Kaine, Warner on CBO score on Senate Republican healthcare repeal

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The Senate Republican healthcare bill could see 4 million people with employer-provided health insurance lose their coverage, according to a report from the non-partisan Congressional Budget Office.

In their analysis of the draft legislation, the CBO explains: "In 2018, 15 million more people would be uninsured under this legislation than under current law - primarily because the penalty for not having insurance would be eliminated".

The CBO in May estimated that the House bill would strip 23 million Americans of their health coverage over the next decade, but also would reduce the federal deficit by $119 billion over the same duration. It provides smaller subsidies for less generous health plans and higher deductibles, repeals the individual mandate that requires all Americans have health coverage or pay a fine and allows states to opt out of Obamacare marketplaces and essential health benefit requirements.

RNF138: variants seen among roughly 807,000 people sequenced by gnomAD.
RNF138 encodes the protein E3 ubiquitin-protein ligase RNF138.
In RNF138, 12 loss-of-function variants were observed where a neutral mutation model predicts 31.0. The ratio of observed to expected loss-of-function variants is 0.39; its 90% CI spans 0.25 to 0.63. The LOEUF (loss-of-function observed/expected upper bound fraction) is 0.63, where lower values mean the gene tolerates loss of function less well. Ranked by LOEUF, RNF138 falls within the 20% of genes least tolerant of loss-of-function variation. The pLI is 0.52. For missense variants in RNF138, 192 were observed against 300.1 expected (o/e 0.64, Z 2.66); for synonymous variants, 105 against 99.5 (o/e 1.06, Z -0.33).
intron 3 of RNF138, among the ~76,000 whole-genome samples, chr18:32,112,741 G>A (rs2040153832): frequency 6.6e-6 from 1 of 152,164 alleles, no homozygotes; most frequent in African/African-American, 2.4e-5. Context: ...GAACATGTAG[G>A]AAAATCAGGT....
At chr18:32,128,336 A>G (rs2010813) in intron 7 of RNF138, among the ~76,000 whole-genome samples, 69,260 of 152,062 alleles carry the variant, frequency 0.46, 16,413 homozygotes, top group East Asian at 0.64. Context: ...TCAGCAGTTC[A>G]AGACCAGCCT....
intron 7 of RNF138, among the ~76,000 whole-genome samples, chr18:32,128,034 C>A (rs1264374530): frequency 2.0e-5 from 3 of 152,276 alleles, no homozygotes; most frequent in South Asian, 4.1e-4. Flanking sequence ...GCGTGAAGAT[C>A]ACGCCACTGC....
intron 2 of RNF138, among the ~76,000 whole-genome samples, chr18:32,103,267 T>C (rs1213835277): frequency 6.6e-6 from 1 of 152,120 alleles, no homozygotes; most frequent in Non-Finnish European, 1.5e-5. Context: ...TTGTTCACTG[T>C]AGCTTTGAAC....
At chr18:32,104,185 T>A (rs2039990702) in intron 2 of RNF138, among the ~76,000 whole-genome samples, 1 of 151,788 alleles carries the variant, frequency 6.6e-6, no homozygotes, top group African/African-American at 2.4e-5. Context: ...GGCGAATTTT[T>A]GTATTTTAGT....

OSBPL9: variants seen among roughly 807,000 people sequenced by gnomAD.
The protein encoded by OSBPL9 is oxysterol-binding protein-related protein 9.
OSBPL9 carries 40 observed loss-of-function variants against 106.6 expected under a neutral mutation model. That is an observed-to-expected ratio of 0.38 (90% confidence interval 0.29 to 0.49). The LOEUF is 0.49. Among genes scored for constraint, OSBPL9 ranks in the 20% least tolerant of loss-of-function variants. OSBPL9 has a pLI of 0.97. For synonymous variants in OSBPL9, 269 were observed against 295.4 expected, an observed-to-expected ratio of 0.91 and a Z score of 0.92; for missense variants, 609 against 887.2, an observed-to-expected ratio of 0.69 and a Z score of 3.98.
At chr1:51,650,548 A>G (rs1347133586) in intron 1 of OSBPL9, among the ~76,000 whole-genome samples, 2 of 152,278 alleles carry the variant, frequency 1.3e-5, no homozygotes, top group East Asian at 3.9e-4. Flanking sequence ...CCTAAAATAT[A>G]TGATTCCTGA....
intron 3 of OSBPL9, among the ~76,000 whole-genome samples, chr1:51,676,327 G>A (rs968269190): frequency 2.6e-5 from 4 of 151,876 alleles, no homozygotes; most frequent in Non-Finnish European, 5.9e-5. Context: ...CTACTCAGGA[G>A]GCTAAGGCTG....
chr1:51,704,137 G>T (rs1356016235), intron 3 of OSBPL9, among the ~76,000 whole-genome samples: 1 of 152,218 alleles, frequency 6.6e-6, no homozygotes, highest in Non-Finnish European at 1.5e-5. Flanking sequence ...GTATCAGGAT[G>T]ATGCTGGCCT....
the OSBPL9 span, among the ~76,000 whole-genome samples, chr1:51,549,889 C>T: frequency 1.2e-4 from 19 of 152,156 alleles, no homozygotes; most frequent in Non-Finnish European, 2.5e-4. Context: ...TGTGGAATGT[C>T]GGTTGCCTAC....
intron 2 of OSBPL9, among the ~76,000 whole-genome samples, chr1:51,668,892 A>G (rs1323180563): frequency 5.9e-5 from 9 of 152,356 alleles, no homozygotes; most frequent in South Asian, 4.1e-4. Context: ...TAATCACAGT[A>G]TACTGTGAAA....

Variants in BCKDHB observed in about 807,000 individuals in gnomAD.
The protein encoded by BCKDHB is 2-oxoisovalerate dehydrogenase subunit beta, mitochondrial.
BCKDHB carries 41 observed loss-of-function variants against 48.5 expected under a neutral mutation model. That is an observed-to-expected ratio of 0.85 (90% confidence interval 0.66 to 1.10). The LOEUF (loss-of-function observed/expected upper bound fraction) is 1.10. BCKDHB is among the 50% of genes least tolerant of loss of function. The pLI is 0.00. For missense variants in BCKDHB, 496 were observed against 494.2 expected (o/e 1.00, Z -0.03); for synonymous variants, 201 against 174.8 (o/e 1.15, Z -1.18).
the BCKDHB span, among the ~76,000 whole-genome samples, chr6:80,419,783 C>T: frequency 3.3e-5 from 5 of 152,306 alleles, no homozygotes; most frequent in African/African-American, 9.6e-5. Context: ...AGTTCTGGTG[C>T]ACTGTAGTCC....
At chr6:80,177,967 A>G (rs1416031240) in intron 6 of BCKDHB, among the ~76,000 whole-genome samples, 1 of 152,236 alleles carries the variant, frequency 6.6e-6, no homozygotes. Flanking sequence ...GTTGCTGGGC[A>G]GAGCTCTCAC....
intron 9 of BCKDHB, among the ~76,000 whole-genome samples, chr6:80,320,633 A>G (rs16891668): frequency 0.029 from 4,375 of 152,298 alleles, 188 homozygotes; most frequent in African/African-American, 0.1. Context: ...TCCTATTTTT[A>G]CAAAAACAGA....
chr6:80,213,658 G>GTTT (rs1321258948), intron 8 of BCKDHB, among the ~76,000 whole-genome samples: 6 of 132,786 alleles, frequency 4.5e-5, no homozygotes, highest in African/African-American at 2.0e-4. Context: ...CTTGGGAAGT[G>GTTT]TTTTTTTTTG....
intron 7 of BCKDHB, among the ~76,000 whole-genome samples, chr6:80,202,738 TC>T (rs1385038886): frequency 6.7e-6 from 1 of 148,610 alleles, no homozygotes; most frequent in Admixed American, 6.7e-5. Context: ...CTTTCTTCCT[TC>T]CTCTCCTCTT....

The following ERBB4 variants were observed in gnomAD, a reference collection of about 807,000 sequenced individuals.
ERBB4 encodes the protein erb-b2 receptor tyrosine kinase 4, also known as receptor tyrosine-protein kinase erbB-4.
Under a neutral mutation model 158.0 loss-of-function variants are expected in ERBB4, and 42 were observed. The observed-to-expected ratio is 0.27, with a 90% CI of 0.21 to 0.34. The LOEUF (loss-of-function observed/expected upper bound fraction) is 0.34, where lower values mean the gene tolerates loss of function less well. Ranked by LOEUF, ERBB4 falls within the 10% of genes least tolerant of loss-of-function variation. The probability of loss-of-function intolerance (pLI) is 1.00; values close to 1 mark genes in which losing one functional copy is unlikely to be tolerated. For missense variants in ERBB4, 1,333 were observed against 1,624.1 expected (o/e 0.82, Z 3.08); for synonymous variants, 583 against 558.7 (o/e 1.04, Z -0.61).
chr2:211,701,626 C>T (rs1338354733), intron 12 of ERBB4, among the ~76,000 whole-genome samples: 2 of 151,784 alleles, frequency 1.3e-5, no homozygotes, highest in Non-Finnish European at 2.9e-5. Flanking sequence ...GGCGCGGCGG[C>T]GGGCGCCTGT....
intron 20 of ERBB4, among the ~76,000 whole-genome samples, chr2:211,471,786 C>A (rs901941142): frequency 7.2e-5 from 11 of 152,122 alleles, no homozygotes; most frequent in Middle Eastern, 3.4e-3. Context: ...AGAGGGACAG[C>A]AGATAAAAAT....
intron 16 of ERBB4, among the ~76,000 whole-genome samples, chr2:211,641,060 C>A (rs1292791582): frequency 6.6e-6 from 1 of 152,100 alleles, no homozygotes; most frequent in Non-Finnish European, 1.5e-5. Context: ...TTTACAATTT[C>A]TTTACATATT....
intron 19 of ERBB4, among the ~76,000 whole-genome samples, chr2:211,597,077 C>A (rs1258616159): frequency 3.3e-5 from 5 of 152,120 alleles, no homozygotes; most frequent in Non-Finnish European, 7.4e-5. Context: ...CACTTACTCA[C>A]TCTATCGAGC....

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However, the Senate bill, if becoming law, would decrease federal deficits by a total of 321 billion us dollars over a decade. Hillary Clinton recently tweeted about the bill, referring to the GOP as the "death party" should they pass the Health Care bill. Susan Collins of ME, a key swing vote, said Thursday that coverage losses of the size estimated by the CBO score were not acceptable. There are 52 Republican senators, and he needs 50 "yes" votes to move the bill through the Senate.

This was a gray area in the initial version of the Senate's "Better Care Reconciliation Act of 2017".

The American Cancer Society, Cancer Action Network, and the March of Dimes are just a handful of patient and consumer organizations pushing congressional leaders to vote against the GOP healthcare bill.

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Conservative GOP Sen. Rand Paul of Kentucky, one of senators to previously announce opposition to the plan as written, said Monday that he will not vote for the bill to proceed unless it changes, according to NBC News.

The $202 billion in savings above the House plan could give McConnell and other supporters substantial flexibility to make deals and win the support of more moderate members of the conference.

The legislation introduced last week by Senate Majority Leader Mitch McConnell was already in jeopardy, despite expressed optimism by President Donald Trump.

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